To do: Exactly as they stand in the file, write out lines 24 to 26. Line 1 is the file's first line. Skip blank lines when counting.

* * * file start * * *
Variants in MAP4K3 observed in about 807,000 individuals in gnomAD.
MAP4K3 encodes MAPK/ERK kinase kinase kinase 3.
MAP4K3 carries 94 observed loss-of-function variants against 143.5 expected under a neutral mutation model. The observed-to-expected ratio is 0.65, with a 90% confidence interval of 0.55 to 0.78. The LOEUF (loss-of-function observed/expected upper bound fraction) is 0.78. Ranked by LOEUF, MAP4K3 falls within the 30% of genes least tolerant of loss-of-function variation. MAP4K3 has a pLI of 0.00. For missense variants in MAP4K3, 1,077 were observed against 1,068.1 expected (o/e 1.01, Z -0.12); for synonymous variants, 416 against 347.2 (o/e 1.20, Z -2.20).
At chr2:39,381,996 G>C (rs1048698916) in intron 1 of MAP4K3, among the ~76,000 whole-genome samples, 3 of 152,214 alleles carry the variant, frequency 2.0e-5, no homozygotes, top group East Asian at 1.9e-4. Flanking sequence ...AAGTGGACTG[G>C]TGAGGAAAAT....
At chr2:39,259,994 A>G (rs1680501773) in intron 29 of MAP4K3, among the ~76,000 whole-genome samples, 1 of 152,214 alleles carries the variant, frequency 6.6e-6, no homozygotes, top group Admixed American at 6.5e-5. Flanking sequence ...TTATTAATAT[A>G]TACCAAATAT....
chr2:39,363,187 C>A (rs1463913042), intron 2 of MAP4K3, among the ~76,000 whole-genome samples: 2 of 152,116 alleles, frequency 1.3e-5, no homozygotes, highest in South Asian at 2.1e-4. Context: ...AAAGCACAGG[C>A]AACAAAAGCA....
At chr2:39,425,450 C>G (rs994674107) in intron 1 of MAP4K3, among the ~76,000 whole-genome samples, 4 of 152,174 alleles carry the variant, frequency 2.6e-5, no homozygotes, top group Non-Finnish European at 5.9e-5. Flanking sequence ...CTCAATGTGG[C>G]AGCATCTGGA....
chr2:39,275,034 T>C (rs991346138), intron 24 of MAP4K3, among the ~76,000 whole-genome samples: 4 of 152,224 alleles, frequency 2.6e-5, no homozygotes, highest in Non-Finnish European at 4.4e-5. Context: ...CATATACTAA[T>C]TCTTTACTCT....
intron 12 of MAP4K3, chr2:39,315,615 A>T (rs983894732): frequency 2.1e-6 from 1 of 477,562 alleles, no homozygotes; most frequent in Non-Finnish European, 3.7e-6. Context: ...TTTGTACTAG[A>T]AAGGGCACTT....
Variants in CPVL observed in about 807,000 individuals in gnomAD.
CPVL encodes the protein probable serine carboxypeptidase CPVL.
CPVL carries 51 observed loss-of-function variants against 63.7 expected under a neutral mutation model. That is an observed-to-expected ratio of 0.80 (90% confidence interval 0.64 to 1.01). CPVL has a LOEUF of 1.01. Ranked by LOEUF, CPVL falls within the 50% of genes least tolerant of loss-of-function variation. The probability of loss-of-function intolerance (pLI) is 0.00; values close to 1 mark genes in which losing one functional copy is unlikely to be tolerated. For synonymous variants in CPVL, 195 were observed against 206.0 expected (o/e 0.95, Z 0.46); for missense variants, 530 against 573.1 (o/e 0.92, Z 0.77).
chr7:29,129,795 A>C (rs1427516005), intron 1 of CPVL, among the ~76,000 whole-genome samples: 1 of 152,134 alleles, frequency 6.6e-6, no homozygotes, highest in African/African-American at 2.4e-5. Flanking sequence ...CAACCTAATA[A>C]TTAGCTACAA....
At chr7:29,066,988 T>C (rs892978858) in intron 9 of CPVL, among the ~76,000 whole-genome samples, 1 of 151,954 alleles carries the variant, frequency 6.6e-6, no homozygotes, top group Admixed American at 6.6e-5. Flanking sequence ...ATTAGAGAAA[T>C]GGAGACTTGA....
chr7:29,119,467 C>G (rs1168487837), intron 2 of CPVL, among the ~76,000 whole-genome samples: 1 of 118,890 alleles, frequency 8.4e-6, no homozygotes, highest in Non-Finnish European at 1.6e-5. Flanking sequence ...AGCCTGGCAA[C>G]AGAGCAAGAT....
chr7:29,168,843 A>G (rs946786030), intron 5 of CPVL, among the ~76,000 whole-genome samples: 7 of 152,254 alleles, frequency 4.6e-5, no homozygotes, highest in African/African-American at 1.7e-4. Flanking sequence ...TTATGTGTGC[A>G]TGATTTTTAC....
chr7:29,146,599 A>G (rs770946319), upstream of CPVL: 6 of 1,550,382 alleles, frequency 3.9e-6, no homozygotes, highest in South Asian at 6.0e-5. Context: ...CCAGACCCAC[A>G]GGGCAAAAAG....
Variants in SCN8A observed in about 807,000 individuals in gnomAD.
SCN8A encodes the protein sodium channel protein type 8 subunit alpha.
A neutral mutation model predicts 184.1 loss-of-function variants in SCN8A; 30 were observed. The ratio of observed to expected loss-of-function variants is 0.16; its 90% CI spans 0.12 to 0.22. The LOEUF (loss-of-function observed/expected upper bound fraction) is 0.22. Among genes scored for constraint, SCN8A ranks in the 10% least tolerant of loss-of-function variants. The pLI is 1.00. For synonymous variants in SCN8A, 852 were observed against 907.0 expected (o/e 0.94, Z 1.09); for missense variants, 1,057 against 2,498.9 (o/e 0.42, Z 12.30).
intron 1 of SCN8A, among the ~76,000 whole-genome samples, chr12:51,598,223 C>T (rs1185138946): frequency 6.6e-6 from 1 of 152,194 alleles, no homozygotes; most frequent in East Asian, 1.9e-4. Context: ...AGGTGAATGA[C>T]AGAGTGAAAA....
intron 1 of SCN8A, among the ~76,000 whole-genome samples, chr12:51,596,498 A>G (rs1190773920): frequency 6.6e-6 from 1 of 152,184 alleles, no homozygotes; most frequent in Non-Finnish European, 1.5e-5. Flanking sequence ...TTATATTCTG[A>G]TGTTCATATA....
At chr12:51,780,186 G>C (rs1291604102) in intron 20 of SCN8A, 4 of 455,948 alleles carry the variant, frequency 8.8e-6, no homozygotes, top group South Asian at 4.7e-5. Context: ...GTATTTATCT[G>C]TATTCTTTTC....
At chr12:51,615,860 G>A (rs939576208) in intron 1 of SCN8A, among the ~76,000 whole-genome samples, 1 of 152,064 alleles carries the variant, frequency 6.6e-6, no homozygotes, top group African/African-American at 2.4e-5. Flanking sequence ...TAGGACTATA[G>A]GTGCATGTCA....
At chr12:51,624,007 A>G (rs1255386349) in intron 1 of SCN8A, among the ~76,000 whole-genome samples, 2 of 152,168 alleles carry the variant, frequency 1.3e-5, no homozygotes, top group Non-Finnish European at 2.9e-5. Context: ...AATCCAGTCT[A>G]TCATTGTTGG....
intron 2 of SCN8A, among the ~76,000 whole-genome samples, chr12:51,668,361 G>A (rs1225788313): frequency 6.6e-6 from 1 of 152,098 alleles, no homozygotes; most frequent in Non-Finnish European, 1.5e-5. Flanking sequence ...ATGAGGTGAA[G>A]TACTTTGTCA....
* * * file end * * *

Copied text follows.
At chr12:51,615,860 G>A (rs939576208) in intron 1 of SCN8A, among the ~76,000 whole-genome samples, 1 of 152,064 alleles carries the variant, frequency 6.6e-6, no homozygotes, top group African/African-American at 2.4e-5. Flanking sequence ...TAGGACTATA[G>A]GTGCATGTCA....
At chr12:51,624,007 A>G (rs1255386349) in intron 1 of SCN8A, among the ~76,000 whole-genome samples, 2 of 152,168 alleles carry the variant, frequency 1.3e-5, no homozygotes, top group Non-Finnish European at 2.9e-5. Context: ...AATCCAGTCT[A>G]TCATTGTTGG....
intron 2 of SCN8A, among the ~76,000 whole-genome samples, chr12:51,668,361 G>A (rs1225788313): frequency 6.6e-6 from 1 of 152,098 alleles, no homozygotes; most frequent in Non-Finnish European, 1.5e-5. Flanking sequence ...ATGAGGTGAA[G>A]TACTTTGTCA....